Here early Homo sapiens, Neanderthals and earlier humans used the local stone (chert) to make their tools and hunting weapons, of which the team has unearthed hundreds of thousands.

Chert tool, Stelida, Naxos
Kathryn Killackey/Stelida Naxos Archaeological Project

Reams of scientific data collected at the site add to the ongoing debate about the importance of coastal and marine routes to human movement.

While present data suggests that the Aegean could be crossed by foot over 200,000 years ago, the authors also raise the possibility that Neanderthals may also have fashioned crude seafaring boats capable of crossing short distances.

This research is part of the Stelida Naxos Archeological Project, a larger collaboration involving scholars from all over the world. They have been working at the site since 2013.

Pottering of potters: archaeologist traces the migration of ancient Greek potters

Pottering of potters: archaeologist traces the migration of ancient Greek potters

Archaeologists have been keen in recent years to apply all kinds of modern methods for monitoring prehistoric migration; they analyze DNA and strontium isotopes in human remains.

“To illuminate the migration of potters in ancient Greece about 3200 years ago by more traditional methods,” says Dr. Bartłomiej Lis, who carries out his research at the British School at Athens as part of a grant obtained thanks to the EU Marie Skłodowska-Curie Actions program.

His analysis shows that around 1200 BC, potters from the island of Aegina (near Athens) left their homes and began to make characteristic vessels in many places scattered along the Gulf of Euboea, north of Aegina.

Aegina seen from the shores of Attica

Dr. Lis drew his conclusion on the basis of meticulous analysis of ceramic vessels in terms of methods of their manufacture, from the moment of obtaining clay and its preparation for firing the vessels.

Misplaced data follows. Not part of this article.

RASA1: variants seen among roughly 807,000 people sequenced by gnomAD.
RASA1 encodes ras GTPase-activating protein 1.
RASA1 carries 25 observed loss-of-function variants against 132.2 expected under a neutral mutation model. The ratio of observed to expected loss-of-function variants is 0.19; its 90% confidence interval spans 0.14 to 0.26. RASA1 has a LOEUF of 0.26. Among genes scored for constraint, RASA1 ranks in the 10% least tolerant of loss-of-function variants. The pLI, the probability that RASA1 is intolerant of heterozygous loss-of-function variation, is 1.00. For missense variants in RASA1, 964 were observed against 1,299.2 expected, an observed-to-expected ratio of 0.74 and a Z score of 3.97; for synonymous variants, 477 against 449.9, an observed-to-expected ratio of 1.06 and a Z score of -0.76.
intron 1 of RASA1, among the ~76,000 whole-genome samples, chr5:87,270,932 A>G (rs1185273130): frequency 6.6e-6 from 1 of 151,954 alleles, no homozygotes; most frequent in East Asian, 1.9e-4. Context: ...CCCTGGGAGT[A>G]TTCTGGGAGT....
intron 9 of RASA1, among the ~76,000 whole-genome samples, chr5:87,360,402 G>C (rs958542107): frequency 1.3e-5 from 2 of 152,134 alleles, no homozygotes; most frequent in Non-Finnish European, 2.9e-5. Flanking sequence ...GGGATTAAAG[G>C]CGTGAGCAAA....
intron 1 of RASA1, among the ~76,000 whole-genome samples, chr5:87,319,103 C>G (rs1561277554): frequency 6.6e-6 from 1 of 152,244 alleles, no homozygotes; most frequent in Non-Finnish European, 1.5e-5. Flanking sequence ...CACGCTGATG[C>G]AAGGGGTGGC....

“Thanks to this, I understood the process of making ceramic vessels in Aegina and I was able to compare these vessels with those found in other Greek regions”, the scientist says.

It turned out that the potters working on the island of Aegina were making their vessels in a very different way from other potters operating at the same time in Greece.

These differences concerned both the method of building the walls of the vessel without using a potter`s wheel, as well as other details of the production process.

In addition, potters from Aegina used to mark their products, which was probably associated with the fact that they shared kilns, but could also be their trademark.

“These observations led to the identification in many places along the Gulf of Euboea, the water corridor leading from Athens and the Saronic Gulf to the north, of the same characteristic vessels, but made of ceramic pastes different from those used in Aegina”, says Dr. Lis.

The analysis of ceramic pastes was deepened by the use of petrography, a technique borrowed from geology, in which the Fitch Laboratory at the British School specializes.

Dr. Lis learned this method under the guidance of the laboratory director, Dr. Evangelii Kiriatzi. Petrography allows to both determine the origin of the vessels and better understand the techniques of their manufacture.

The Polish scientist emphasizes that both aspects were crucial for the success of his project.

Dr. Lis during petrographic analysis